Navigate Up
Sign In

Addressing desertification, land degradation and drought in Latin America and the Caribbean (LAC)

While well known for rainforests, Latin America and the Caribbean (LAC) are actually about one-fourth desert and drylands (or 20,533,000 km2). The deserts of the Pacific coast stretch from southern Ecuador across the entire Peruvian shoreline to northern Chile. Further inland, at altitudes of 3,000-4,500 meters, the high plains, or Altiplano, of the Andean mountains cover large areas of Peru, Bolivia, Chile, and Argentina. To the east of the Andes, an arid region extends from Chaco‘s northern reaches in Paraguay to Patagonia in southern Argentina. In northeastern Brazil, the landscape is dominated by semi-arid zones and tropical savannahs.  The region faces many challenges from land degradation. Large parts of Colombia and Venezuela are highly degraded. In the arid zones of the Dominican Republic, Cuba, Haiti and Jamaica, erosion and water shortages are noticeably intensifying. Most of Mexico is arid and semi-arid, mainly in the north. Severe droughts and land degradation have made the countries in Central America extremely vulnerable to natural disasters, delaying their sustainable development.

Poverty and pressure on natural resources are critical factors driving land degradation in much of Latin America and the Caribbean. In a region with 465 million inhabitants, around 110 million live below the poverty line. 
 
Latin America and the Caribbean: Regional cooperation
 
The Regional Annex for Latin America and the Caribbean strongly emphasizes the need for sustainable development. The convention has strong political support in the region. Every country is a party to it, and the issues of land degradation, desertification and drought are in an ongoing process of being integrated into the national agendas for sustainable development and poverty reduction.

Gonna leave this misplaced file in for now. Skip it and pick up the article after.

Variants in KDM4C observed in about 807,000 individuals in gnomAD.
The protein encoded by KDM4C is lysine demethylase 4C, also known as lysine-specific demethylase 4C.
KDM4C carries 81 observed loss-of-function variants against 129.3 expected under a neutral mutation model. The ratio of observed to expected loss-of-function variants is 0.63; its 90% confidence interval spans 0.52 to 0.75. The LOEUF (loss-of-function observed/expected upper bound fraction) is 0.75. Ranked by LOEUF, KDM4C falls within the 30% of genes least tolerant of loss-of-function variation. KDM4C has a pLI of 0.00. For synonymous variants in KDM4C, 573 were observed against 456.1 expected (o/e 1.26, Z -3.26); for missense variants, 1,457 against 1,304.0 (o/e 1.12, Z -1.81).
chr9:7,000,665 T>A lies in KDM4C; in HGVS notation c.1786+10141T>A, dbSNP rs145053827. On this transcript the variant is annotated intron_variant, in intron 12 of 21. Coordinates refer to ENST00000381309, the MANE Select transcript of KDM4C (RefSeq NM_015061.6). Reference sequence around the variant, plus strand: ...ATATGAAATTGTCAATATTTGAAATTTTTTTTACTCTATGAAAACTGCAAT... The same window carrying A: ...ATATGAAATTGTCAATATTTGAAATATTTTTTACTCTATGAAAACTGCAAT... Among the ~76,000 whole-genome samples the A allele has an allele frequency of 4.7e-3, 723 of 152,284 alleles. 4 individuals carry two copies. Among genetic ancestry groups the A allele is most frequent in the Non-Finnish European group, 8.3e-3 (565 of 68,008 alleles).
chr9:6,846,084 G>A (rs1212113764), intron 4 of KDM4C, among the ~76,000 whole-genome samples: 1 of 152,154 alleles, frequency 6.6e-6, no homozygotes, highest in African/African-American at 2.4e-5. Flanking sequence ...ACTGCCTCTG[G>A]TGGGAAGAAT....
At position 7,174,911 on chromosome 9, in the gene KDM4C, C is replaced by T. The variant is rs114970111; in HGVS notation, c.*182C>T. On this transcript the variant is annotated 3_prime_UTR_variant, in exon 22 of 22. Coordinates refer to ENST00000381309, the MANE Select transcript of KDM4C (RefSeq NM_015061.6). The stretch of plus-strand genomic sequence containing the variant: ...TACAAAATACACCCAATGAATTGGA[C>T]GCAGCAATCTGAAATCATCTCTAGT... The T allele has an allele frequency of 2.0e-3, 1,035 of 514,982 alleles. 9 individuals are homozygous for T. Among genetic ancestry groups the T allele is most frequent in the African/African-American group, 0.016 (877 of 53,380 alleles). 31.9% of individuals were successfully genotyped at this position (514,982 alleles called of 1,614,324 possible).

National Action Programmes (NAPs) have been formulated by most countries, taking a bottom-up approach with involvement from all relevant stakeholders, including civil society. Presently, many NAPs are in the process of being aligned to the 10-year strategy of the UNCCD.
 
Several Sub-regional Programmes (SRAPs) have also been launched and further implemented. These include the sub-regional programmes for Gran Chaco Americano (Argentina, Bolivia and Paraguay), Puna Americana, (Argentina, Bolivia, Chile, Ecuador and Peru), Hispaniola (Dominican Republic and Haiti) and Colombia and Venezuela.
 
The Regional Action Programme (RAP) of March 1998 was assessed, reviewed and updated in 2003 for enhanced coordination of national efforts and synergies. The RAP includes six crosscutting thematic programme networks (TPNs) addressing benchmarks and indicators, information (DESELAC), integrated water management, agroforestry, traditional knowledge and renewable sustainable energy. A regional coordination unit (RCU) is hosted by the Economic Commission for Latin America and the Caribbean (ECLAC) in Santiago de Chile.
 

Quick access

  • Prais
  • UNDDD
  • World Day